The Law & Liberty website features what amounts to an attack on the American Founding by Professor Ted McAllister titled “Self-Rule is the Basis of American Nationalism… Not Natural Rights.” It is putatively a response to Steve Hayward’s Liberty Forum essay on nationalism, but fails to grasp the essence of Hayward’s argument. I will leave it to Hayward’s more than capable acumen and dialectical skill to answer McAllister on the subject of nationalism.

I take issue with McAllister’s tendentious claim that “the Founding should be understood not as a moment in 1776 but as a settlement of peoples, primarily from England,” who “inherited liberties, common law, and the fact that community is prior to government.” McAllister claims “this beginning place stresses our most important characteristic, that we are a people who want to rule ourselves and we do so typically through communities and associations.”

This is the longer version of the conservative mantra that “politics is always downstream from culture.” It isn’t true now, and it wasn’t true at the time of the Founding. It is this myopic view that prevents conservatism from ever winning politically. Conservatism always wants to fight “cultural wars” or “social wars.” Democrats—and even socialists—know that the decisive wars are waged on the political battlefields because politics shapes culture and society, either through free associations and institutions or by force.

A Clean Break

What liberties did Americans inherit from Britain? Not self-rule!

The American colonies had developed a modicum of self-rule in the century and a half before the Revolutionary War, but the list of tyrannical acts perpetrated by the king in the Declaration of Independence were not imaginary (or “abstract ideas”); they were an attempt to establish “an absolute Tyranny over these States.” And under the common law, all persons born within the king’s domain were subjects of the king who owed perpetual allegiance in return for his protection. Under the common law there were no citizens, only subjects. (The word “citizen” never appears in Blackstone’s Commentaries on the Laws of England.) The Declaration proclaims that the American people have dissolved their “allegiance to the British Crown,” thereby rejecting the common law of perpetual allegiance. This, of course, was a violation of the common law and was contested by the king, who was finally forced to recognize America’s claim to have become a “separate and equal” nation in the Treaty of Paris in 1783.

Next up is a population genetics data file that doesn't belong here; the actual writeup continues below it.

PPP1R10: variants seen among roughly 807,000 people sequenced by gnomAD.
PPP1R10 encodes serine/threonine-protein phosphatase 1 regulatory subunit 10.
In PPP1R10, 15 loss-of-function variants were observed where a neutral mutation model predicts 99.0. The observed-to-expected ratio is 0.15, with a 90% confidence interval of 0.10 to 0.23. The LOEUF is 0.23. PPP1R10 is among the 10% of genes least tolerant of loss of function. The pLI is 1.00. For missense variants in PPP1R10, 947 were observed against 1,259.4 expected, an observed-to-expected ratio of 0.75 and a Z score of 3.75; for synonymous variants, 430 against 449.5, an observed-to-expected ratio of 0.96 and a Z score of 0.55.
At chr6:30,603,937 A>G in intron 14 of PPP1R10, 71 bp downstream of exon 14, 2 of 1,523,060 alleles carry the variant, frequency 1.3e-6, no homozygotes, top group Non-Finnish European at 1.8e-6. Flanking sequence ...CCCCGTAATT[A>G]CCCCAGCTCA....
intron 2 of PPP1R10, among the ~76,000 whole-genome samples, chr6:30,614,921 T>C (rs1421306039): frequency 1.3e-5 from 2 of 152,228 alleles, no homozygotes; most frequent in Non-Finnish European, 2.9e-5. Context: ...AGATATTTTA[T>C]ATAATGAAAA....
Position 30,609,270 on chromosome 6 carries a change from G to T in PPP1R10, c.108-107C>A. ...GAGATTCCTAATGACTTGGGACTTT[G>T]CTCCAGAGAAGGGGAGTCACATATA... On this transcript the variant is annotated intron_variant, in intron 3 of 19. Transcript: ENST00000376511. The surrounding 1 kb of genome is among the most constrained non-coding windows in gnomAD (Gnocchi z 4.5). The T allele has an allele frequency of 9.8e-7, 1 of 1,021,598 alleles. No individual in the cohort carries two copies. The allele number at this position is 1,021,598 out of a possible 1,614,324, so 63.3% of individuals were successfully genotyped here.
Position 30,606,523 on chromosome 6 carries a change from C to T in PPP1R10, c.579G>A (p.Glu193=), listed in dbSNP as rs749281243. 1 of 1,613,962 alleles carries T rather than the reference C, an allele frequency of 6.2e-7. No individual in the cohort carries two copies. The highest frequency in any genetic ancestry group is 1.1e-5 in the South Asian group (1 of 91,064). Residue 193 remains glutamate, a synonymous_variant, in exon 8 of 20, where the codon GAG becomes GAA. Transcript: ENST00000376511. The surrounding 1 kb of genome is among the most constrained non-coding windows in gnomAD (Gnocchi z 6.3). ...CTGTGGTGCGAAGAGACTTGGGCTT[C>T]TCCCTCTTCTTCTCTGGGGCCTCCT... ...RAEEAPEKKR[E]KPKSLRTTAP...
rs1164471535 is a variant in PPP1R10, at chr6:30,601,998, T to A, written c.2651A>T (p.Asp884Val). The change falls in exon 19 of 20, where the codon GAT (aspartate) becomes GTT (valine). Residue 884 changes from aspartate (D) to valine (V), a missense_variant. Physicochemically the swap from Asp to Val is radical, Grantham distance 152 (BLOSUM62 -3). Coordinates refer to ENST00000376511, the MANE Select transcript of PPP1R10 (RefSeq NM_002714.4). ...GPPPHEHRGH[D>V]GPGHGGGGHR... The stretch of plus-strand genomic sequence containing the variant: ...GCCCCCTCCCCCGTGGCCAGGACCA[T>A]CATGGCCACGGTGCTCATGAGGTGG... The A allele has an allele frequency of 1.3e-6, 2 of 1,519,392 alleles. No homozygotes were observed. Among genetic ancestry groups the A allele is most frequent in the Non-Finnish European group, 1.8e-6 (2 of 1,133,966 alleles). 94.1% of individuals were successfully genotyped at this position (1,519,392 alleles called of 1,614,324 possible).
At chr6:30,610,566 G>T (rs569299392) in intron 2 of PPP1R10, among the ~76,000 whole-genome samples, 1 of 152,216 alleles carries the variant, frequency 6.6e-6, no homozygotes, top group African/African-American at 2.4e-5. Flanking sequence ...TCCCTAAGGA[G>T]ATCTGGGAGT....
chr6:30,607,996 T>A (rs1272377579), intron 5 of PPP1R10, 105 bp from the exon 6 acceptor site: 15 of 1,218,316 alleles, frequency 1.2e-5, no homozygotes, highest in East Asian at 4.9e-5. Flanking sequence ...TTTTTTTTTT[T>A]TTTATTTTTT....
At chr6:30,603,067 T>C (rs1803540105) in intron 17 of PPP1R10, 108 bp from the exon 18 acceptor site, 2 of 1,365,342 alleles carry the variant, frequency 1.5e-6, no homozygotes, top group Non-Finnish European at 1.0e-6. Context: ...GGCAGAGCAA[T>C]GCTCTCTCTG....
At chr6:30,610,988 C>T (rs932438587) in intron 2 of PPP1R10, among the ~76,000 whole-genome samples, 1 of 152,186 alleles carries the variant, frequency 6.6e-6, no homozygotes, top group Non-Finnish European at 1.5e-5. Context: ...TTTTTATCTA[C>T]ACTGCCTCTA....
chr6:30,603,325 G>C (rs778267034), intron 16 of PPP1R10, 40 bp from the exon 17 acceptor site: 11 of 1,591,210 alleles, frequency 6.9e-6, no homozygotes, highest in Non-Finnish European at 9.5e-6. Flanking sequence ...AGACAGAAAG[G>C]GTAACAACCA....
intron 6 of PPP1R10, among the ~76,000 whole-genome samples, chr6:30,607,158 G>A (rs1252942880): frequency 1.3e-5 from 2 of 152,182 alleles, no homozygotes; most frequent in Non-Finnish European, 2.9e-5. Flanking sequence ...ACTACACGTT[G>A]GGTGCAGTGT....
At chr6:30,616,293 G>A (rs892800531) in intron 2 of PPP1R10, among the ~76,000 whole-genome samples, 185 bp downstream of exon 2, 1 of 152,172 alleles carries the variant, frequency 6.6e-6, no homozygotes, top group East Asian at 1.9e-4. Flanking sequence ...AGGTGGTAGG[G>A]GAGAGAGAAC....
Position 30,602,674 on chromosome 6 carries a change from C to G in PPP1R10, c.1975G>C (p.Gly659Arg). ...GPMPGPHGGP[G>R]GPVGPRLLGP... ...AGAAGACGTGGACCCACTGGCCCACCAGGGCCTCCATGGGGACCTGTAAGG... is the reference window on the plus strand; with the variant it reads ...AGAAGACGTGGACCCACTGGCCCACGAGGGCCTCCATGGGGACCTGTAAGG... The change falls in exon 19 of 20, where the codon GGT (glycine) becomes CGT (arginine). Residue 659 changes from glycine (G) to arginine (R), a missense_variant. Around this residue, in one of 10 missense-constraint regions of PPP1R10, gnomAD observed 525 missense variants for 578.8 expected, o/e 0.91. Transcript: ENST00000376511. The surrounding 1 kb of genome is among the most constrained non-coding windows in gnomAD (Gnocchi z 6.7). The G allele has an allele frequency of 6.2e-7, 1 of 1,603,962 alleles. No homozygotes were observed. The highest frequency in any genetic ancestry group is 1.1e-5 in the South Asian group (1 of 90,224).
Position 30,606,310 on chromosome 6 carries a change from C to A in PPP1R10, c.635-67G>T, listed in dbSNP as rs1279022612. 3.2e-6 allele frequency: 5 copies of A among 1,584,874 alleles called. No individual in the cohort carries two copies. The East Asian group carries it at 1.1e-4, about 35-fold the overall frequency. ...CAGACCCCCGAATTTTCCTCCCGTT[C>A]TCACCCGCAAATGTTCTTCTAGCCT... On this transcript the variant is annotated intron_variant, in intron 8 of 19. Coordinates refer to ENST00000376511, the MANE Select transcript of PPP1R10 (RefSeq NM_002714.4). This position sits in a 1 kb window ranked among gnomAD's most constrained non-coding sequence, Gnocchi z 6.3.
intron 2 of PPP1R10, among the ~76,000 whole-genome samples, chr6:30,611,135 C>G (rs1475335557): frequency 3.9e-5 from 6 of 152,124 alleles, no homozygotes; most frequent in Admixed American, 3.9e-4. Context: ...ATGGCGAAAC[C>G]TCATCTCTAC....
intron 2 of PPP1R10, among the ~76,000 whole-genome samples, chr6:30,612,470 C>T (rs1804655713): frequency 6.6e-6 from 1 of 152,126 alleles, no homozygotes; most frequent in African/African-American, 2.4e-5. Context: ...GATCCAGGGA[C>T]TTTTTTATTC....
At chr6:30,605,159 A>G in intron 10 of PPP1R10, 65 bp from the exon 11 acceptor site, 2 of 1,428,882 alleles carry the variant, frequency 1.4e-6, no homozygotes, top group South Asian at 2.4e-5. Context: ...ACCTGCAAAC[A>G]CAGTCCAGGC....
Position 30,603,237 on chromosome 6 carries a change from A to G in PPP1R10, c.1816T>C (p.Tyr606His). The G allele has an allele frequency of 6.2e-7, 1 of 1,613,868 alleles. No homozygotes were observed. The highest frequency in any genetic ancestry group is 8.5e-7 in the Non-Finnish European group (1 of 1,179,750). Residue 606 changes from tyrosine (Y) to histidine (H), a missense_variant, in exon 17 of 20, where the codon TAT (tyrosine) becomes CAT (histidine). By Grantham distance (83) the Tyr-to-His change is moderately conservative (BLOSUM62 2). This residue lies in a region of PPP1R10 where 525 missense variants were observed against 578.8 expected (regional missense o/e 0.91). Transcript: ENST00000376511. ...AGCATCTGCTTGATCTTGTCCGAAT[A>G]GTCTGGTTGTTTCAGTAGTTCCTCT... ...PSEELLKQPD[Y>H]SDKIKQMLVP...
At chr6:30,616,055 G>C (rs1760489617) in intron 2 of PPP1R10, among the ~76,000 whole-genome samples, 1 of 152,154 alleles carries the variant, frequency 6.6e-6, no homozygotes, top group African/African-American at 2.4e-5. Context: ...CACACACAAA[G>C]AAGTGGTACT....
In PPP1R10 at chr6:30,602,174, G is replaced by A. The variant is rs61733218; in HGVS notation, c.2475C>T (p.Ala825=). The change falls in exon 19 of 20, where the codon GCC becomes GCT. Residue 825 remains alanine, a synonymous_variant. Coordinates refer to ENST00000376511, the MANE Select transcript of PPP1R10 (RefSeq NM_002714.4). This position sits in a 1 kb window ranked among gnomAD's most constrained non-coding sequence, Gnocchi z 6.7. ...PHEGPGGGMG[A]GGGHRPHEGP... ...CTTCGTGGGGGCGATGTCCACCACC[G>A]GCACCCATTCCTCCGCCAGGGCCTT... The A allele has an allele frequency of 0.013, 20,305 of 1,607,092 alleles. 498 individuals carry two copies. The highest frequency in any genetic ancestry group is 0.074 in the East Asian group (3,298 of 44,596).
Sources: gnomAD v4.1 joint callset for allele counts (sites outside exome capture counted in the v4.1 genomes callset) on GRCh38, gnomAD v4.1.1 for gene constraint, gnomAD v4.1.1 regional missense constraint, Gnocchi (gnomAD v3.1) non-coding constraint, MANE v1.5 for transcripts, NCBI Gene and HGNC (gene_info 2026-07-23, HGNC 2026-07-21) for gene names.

What was the origin of the right to self-governance? Was it produced by experience, tradition and culture as McAllister claims? In short, was it downstream from culture? It certainly wasn’t part of the inherited experience from Britain. American self-government was fiercely opposed by the British Crown. It was, however, the principal object of that “abstract idea” that rested at the center of the Declaration of Independence and the American Constitution. Had Americans followed British tradition and the common law they would have accepted divine right of kings, which however much it might have evolved into parliamentary supremacy under the common law, was still opposed to self-rule. Abraham Lincoln rightly noted that the argument for divine right and the argument for slavery was exactly the same argument—and so it is!

Reason and Creation